Abigail Reynolds’s “The Universal Now and further episodes”

Tom Jeffreys

June 13, 2018
Peer, London
April 26–June 23, 2018

“Many artists consider books and libraries to be oppressive hierarchies of knowledge, dogmatic and hectoring,” writes artist Abigail Reynolds in her new book Lost Libraries. But Reynolds does not agree: “I consider them the gates of freedom.”1 Three simultaneous exhibitions in east London exemplify this fascination with books and their material relationship to time and knowledge: a display of artist books at bookartbookshop, an artists’ bookshop; a retrospective including collaged book pages at PEER gallery; and a new film work, Lost Libraries (2018), showing on two television screens among the books and computers of Shoreditch Library.

Both book and film versions of Lost Libraries are the result of a journey undertaken by Reynolds between 2016 and 2017. Given financial and logistical support as the third recipient of the BMW Art Journey, a project by BMW and Art Basel that commissions artists to visit foreign locations and create new work, Reynolds travelled by plane and motorbike along the Silk Road from Xi’an, China, to Rome, Italy, visiting the sites of 15 libraries lost or destroyed over the past 2000 years. In Nishapur, Iran, she went to an empty field where a library once stood. In a museum in Xi’an, the characters of a Confucian text, carved on stone tablets, are arranged like a constellation. Some libraries have only recently been lost, such as the one destroyed during the 2011 revolution in Cairo. Others she cannot visit at all, on account of ongoing war or labyrinthine bureaucracy.

By showing Lost Libraries in Shoreditch Library, Reynolds frames the project in the context of the widespread closure of libraries and funding cuts to library services across Britain under the Conservative-led governments of David Cameron and Theresa May. More than 478 public libraries have closed in Britain since 20102 and at least 14 million library books are no longer publicly available.3 Such losses can be dramatic and sudden, or silent and slow. “In England, we’re just letting go of our libraries,” Reynolds says in the film. “We’ve forgotten how important they are.”

Both book and film interweave a multitude of overlapping histories with the personal account of Reynolds’s own journey. The 17-minute film summons evocative impressions: crumbling archways, a motorbike in the desert, a lush green landscape, a cat among the ruins, and cracked marble. The film’s strengths include the use of multiple female narrators and a series of revealing conversations with the artist’s children, which prompt Reynolds to justify her journey in simple terms. “How did you just film nothing?” asks one child. “I don’t think there’s ever really nothing,” Reynolds responds.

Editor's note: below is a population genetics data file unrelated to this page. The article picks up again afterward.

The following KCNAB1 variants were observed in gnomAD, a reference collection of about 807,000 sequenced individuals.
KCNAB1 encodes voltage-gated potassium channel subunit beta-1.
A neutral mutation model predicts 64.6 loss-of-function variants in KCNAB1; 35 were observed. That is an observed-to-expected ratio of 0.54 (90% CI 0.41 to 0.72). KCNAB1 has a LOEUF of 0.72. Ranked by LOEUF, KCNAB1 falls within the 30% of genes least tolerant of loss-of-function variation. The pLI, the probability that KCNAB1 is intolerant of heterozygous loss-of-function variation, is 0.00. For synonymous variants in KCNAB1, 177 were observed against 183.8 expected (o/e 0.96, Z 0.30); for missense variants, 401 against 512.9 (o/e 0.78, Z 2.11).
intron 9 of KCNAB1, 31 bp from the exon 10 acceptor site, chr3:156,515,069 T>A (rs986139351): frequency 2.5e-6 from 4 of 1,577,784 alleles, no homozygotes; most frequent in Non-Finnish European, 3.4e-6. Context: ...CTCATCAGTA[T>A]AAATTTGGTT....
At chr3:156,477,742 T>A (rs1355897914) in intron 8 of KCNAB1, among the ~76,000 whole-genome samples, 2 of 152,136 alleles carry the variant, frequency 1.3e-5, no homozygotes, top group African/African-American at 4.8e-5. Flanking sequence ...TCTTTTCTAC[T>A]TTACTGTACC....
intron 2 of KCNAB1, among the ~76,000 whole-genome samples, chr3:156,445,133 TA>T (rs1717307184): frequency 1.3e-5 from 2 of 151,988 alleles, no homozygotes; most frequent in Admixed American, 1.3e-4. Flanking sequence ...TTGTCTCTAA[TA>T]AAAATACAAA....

The book is the richer of the two titular works. Its length and structure enable a more concerted attention to the specificity of individual places, allowing striking details to emerge: two women sweep a courtyard and leave the dust “licked like a kitten’s fur.”4 The book also allows for a deeper exploration of the complexities of history, myth, and politics. It recalls epochal tales—she writes about the Uthman Quran, said to be stained with the blood of Tamerlane, which was taken to St. Petersburg by a Russian general in 1869 and returned to Uzbekistan by Lenin himself—alongside personal ones. Of the latter, few are more vivid than an argument between Reynolds’s guide and a writer in Tehran. The argument—concerning whether Reynolds should be free to attend a party alone—may seem trivial, but it exposes a wider conflict in how Iran wishes to represent itself: modern and free, or traditional and restrained.

It is instructive to experience both book and film in the context of Reynolds’s retrospective at PEER. Works produced between 2010 and 2018 showcase her ongoing commitment to the materiality of meaning, and the meaning of materiality, from prints and collages to more recent forays into installations of steel and multicolored glass. There are collaged book pages depicting identical places in London 20 years apart (“The Universal Now,” 2010–11); black-and-white photographs of a collapsed overpass in California spliced with the London-to-Birmingham motorway (“Land,” 2012–15); and various photographs of protest, grand interiors, and tower blocks on fire. Reynolds cuts and folds, arranges and rearranges these images to create works of geometric beauty and conceptual dissonance, tackling heated political themes with detached precision.

Reynolds’s work has long obsessed over the materiality of books as a way of exploring their existence in, and relationship to, time. Lost Libraries connects these material objects, and the damage done to them, to humanity’s propensity for “brutality towards our own time-bound corpses.”5 Libraries are mortal objects. Books are burned, lost, stolen, and rediscovered; scholars are attacked, killed, and, in one striking image, “buried upside down in orchards like trees.”6 But it is the vulnerability of Reynolds herself that seems most present, especially following her arrest for filming in Cairo. Her personal involvement provides an emotional and bodily focal point for the work. “I feel so light,” she says in the film, comparing her body to the bulky heft of her 16mm Bolex camera. It is left unsaid whether this is cause for hope or for further anxiety.


Abigail Reynolds, Lost Libraries (Berlin: Hatje Cantz, 2017), 43.






Abigail Reynolds, Lost Libraries (Berlin: Hatje Cantz, 2017), 118.


Ibid., 74–5.


Ibid., 46.

Libraries & Archives, Temporality

Tom Jeffreys is a writer who lives in Edinburgh. He is the editor of Walking: Documents of Contemporary Art (Whitechapel Gallery / MIT Press, 2024).

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